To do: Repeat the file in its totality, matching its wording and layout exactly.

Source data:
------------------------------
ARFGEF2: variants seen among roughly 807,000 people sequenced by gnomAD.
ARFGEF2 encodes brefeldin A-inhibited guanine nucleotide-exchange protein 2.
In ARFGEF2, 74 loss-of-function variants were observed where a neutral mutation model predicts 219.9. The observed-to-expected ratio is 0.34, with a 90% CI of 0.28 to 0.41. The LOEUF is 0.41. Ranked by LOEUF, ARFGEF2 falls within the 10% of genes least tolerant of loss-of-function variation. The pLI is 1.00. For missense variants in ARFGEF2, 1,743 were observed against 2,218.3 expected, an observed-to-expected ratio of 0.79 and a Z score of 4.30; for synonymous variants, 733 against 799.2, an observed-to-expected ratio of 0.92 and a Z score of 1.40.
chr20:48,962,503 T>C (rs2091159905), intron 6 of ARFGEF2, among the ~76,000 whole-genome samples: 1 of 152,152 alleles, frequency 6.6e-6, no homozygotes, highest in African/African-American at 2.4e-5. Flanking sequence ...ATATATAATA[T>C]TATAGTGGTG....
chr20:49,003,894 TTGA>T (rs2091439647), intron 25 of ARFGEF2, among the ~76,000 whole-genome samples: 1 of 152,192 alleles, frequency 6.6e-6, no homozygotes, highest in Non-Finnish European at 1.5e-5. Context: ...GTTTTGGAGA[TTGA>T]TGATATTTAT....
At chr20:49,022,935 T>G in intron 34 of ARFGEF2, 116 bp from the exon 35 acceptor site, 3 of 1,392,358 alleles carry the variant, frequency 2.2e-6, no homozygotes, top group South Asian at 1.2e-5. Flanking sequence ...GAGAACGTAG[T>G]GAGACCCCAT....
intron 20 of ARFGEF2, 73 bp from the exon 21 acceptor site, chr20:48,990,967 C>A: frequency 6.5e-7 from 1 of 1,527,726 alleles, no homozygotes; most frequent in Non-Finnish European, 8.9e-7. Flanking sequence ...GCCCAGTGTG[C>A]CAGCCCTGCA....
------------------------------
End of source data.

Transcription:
ARFGEF2: variants seen among roughly 807,000 people sequenced by gnomAD.
ARFGEF2 encodes brefeldin A-inhibited guanine nucleotide-exchange protein 2.
In ARFGEF2, 74 loss-of-function variants were observed where a neutral mutation model predicts 219.9. The observed-to-expected ratio is 0.34, with a 90% CI of 0.28 to 0.41. The LOEUF is 0.41. Ranked by LOEUF, ARFGEF2 falls within the 10% of genes least tolerant of loss-of-function variation. The pLI is 1.00. For missense variants in ARFGEF2, 1,743 were observed against 2,218.3 expected, an observed-to-expected ratio of 0.79 and a Z score of 4.30; for synonymous variants, 733 against 799.2, an observed-to-expected ratio of 0.92 and a Z score of 1.40.
chr20:48,962,503 T>C (rs2091159905), intron 6 of ARFGEF2, among the ~76,000 whole-genome samples: 1 of 152,152 alleles, frequency 6.6e-6, no homozygotes, highest in African/African-American at 2.4e-5. Flanking sequence ...ATATATAATA[T>C]TATAGTGGTG....
chr20:49,003,894 TTGA>T (rs2091439647), intron 25 of ARFGEF2, among the ~76,000 whole-genome samples: 1 of 152,192 alleles, frequency 6.6e-6, no homozygotes, highest in Non-Finnish European at 1.5e-5. Context: ...GTTTTGGAGA[TTGA>T]TGATATTTAT....
At chr20:49,022,935 T>G in intron 34 of ARFGEF2, 116 bp from the exon 35 acceptor site, 3 of 1,392,358 alleles carry the variant, frequency 2.2e-6, no homozygotes, top group South Asian at 1.2e-5. Flanking sequence ...GAGAACGTAG[T>G]GAGACCCCAT....
intron 20 of ARFGEF2, 73 bp from the exon 21 acceptor site, chr20:48,990,967 C>A: frequency 6.5e-7 from 1 of 1,527,726 alleles, no homozygotes; most frequent in Non-Finnish European, 8.9e-7. Flanking sequence ...GCCCAGTGTG[C>A]CAGCCCTGCA....